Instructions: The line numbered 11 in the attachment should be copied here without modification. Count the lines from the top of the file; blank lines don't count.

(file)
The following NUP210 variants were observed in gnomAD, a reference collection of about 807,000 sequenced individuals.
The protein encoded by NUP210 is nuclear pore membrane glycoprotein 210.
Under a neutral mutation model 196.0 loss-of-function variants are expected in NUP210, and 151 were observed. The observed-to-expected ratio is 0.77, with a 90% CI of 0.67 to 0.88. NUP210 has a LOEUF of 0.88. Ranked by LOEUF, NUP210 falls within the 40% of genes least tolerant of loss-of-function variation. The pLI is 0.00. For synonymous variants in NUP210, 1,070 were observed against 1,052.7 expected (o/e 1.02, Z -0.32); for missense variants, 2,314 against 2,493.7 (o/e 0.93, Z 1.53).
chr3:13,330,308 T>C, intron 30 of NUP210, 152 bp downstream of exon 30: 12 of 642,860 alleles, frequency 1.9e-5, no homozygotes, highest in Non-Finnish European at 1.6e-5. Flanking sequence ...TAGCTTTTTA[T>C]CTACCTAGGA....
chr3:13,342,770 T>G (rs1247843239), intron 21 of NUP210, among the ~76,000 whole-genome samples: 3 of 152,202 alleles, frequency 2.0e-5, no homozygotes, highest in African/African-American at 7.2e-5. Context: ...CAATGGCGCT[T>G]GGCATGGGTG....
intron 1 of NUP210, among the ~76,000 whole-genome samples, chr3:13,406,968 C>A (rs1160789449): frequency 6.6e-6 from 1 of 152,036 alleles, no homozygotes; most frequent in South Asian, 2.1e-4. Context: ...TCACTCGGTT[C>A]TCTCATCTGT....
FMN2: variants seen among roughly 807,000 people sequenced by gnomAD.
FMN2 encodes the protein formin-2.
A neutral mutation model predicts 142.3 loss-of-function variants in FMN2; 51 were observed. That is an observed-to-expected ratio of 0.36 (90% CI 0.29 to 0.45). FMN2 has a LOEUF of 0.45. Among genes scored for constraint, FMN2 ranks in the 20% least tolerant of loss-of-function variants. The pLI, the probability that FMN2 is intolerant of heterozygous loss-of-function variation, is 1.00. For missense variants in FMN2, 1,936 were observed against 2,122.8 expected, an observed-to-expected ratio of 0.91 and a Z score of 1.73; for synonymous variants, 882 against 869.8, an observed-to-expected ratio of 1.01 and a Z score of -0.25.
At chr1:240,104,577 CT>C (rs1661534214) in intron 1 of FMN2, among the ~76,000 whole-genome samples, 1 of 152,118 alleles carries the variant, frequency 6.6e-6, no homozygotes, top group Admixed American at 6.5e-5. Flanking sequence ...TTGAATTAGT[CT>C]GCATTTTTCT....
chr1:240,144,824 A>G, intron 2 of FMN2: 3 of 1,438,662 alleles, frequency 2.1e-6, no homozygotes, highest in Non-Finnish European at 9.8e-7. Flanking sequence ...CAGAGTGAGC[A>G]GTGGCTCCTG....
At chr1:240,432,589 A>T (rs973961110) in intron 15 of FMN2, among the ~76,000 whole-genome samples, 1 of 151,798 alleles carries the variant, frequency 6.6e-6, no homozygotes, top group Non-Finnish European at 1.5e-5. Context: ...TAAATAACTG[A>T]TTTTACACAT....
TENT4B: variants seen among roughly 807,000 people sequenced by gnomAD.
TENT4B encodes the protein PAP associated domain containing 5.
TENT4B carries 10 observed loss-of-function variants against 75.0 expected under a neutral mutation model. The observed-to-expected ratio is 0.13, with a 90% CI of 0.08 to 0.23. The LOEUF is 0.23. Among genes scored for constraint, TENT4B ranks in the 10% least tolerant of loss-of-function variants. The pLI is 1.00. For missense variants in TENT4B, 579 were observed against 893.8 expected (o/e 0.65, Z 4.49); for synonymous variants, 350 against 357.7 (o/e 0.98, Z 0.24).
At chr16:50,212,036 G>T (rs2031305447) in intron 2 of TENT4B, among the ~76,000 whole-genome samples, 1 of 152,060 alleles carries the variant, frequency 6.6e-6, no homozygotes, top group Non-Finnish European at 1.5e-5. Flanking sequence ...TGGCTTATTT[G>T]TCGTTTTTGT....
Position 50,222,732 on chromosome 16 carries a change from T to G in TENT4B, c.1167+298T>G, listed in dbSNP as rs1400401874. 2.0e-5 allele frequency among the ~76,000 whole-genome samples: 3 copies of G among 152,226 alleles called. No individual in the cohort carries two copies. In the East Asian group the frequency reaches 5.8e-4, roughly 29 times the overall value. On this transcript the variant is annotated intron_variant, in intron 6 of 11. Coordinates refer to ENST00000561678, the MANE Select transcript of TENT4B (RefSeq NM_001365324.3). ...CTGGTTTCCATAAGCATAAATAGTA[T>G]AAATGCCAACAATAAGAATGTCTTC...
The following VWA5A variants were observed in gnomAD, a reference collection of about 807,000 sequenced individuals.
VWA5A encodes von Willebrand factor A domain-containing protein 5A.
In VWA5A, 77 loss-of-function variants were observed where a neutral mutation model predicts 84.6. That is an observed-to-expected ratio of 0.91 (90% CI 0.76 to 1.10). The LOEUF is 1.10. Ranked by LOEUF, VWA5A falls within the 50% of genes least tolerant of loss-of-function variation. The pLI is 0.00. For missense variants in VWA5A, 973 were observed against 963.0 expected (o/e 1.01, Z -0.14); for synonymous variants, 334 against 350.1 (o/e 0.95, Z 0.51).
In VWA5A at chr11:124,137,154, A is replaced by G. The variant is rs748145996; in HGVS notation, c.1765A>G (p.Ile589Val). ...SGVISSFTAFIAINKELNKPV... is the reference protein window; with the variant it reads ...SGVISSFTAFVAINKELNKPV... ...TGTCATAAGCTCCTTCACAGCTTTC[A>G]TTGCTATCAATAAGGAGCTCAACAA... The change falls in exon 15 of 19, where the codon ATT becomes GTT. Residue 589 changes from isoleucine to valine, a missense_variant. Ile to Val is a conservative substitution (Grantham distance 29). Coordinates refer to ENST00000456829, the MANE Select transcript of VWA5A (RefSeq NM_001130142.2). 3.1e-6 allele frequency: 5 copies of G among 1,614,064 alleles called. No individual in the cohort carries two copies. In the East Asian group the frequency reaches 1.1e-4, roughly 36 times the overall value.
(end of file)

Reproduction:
chr1:240,144,824 A>G, intron 2 of FMN2: 3 of 1,438,662 alleles, frequency 2.1e-6, no homozygotes, highest in Non-Finnish European at 9.8e-7. Flanking sequence ...CAGAGTGAGC[A>G]GTGGCTCCTG....